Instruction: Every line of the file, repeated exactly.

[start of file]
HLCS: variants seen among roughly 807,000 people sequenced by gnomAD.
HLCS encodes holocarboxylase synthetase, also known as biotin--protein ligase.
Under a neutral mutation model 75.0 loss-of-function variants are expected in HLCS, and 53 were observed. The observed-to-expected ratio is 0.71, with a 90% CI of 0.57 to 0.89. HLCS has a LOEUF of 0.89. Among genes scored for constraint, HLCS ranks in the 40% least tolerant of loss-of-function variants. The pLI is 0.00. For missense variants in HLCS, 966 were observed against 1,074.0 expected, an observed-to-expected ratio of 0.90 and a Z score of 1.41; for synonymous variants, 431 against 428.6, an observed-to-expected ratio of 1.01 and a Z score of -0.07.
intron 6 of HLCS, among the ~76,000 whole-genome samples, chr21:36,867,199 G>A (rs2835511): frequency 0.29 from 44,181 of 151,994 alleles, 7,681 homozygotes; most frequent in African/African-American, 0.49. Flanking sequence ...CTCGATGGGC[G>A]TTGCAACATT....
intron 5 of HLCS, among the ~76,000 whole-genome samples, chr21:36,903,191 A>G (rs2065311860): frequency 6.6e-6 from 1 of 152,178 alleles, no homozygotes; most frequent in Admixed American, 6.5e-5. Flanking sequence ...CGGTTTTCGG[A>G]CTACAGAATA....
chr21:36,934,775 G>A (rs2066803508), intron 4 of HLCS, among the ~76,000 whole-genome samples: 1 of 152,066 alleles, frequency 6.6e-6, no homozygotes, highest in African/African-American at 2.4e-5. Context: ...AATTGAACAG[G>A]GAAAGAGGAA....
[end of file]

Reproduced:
HLCS: variants seen among roughly 807,000 people sequenced by gnomAD.
HLCS encodes holocarboxylase synthetase, also known as biotin--protein ligase.
Under a neutral mutation model 75.0 loss-of-function variants are expected in HLCS, and 53 were observed. The observed-to-expected ratio is 0.71, with a 90% CI of 0.57 to 0.89. HLCS has a LOEUF of 0.89. Among genes scored for constraint, HLCS ranks in the 40% least tolerant of loss-of-function variants. The pLI is 0.00. For missense variants in HLCS, 966 were observed against 1,074.0 expected, an observed-to-expected ratio of 0.90 and a Z score of 1.41; for synonymous variants, 431 against 428.6, an observed-to-expected ratio of 1.01 and a Z score of -0.07.
intron 6 of HLCS, among the ~76,000 whole-genome samples, chr21:36,867,199 G>A (rs2835511): frequency 0.29 from 44,181 of 151,994 alleles, 7,681 homozygotes; most frequent in African/African-American, 0.49. Flanking sequence ...CTCGATGGGC[G>A]TTGCAACATT....
intron 5 of HLCS, among the ~76,000 whole-genome samples, chr21:36,903,191 A>G (rs2065311860): frequency 6.6e-6 from 1 of 152,178 alleles, no homozygotes; most frequent in Admixed American, 6.5e-5. Flanking sequence ...CGGTTTTCGG[A>G]CTACAGAATA....
chr21:36,934,775 G>A (rs2066803508), intron 4 of HLCS, among the ~76,000 whole-genome samples: 1 of 152,066 alleles, frequency 6.6e-6, no homozygotes, highest in African/African-American at 2.4e-5. Context: ...AATTGAACAG[G>A]GAAAGAGGAA....